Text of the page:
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February 8, 2022

Pilot turns waste materials into black pigments for dope dyeing

A new pilot project has launched to validate and scale black pigments derived from waste feedstocks that could replace synthetic dyes and offer a more sustainable means of textile production.

By Beth Wright

Launched by global sustainable fashion innovation platform Fashion for Good, together with partners Bestseller, Birla Cellulose, Kering and PVH Corp, the Black Pigment Pilot project will explore how black pigments derived from waste feedstocks such as industrial carbon, algae and wood could hold the key to a greener means of textile production, with a lower carbon impact.

The colour black has a long history in the fashion industry and is one of the most commonly used colours to dye apparel. Modern synthetic dyes are often derived from petro-chemical compounds, which are non-renewable and contribute to water pollution when not treated correctly, Fashion for Good explains.

Its latest project aims to develop and scale black pigment for dope dying (colouring) man-made cellulosics (MMCs) fibres and recycled polyester (rPet) yarns, evaluating the technologies of the participating innovators; Graviky Labs, Nature Coatings and Living Ink, which produce black pigment from industrial carbon emissions, wood waste and waste algae, respectively.

“Collaboration is key to making a step change in replacing the abundantly used harmful dyes in the industry, of which black is dominating. We are very excited to support this first-of-its-kind collaborative pilot aiming to validate three technologies that will enable the industry to switch to more sustainable (black) dye chemistry,” says Katrin Ley, managing director of Fashion for Good.

To date the technologies have only been used in printing applications. To develop formulations for dope dyeing, the innovators will be supported by Fashion for Good partner Birla Cellulose and Paradise Textiles, the dedicated material science and innovation hub of the Alpine Group. Birla Cellulose brings technical know-how and insights into the production of dope dyed MMC fibres, while Paradise Textiles is known for its consciously crafted collection of sustainable and performance fabrics as well as integrated, advanced manufacturing processes.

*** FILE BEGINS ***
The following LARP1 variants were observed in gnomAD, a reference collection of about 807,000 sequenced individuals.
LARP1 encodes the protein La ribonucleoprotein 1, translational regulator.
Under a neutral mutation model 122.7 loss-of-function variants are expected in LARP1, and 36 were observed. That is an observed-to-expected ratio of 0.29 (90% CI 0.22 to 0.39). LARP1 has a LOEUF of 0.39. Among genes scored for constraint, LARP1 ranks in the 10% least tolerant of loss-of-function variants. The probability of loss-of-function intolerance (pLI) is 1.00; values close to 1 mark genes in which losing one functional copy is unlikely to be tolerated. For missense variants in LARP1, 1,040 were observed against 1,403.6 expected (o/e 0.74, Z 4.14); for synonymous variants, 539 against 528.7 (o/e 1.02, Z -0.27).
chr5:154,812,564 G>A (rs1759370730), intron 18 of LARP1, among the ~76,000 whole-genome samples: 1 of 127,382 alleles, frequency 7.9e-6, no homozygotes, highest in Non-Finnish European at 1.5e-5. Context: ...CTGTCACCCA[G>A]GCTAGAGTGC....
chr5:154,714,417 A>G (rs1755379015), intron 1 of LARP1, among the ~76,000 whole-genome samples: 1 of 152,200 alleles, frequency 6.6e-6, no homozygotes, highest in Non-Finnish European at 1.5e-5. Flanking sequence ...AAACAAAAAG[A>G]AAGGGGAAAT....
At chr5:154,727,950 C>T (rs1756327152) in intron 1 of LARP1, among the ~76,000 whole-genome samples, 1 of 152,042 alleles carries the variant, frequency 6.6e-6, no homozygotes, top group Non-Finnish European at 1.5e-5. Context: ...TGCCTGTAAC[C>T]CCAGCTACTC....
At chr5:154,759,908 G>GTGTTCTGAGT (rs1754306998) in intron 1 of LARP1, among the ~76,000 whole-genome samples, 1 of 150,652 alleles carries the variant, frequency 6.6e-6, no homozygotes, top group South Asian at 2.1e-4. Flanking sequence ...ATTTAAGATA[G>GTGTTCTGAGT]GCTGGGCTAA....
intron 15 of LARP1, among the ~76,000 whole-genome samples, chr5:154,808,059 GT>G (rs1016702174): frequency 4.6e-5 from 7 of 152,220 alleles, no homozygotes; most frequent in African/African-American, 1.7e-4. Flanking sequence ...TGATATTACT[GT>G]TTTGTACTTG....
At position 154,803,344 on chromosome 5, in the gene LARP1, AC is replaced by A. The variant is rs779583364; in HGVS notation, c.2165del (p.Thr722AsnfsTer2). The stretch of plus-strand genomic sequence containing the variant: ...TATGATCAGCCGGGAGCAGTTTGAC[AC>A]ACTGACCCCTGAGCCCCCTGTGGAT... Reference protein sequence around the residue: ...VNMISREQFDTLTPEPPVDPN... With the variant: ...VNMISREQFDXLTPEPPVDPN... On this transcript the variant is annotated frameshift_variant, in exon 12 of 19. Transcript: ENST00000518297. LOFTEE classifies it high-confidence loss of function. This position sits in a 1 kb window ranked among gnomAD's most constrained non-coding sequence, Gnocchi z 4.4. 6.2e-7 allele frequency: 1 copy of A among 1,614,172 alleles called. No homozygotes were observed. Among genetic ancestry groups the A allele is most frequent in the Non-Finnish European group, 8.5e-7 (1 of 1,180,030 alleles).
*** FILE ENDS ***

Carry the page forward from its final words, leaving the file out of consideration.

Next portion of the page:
The first phase of the pilot will run until mid-2022, with Birla Cellulose and Paradise Textiles producing the first dope dyed MMCs fibres and rPet yarns respectively, using the black pigments. Participating Fashion for Good partners will have the chance to evaluate the performance, colour fastness, wearability and impact of all solutions. Successful formulations will then go on to trial larger production runs with fabrics dyed using the innovations. 

To assess the performance of dope dyeing with the innovative black pigment formulations, test variables such as affinity, colour and light fastness, and tensile strength of the fibres and yarns, will be measured against dope dyeing with the standard synthetic dyes currently used in the industry. Successes in the initial trials will be developed towards scaling the project beyond fibre and yarn dyeing to textile production with the long-term goal of integrating these technologies at commercial scale in the value chain.

The Black Pigment Pilot project follows Fashion for Good’s D(R)YE Factory of the Future project which launched last month to accelerate the shift from wet to mostly dry processing, which is said to be crucial for the path towards net-zero.

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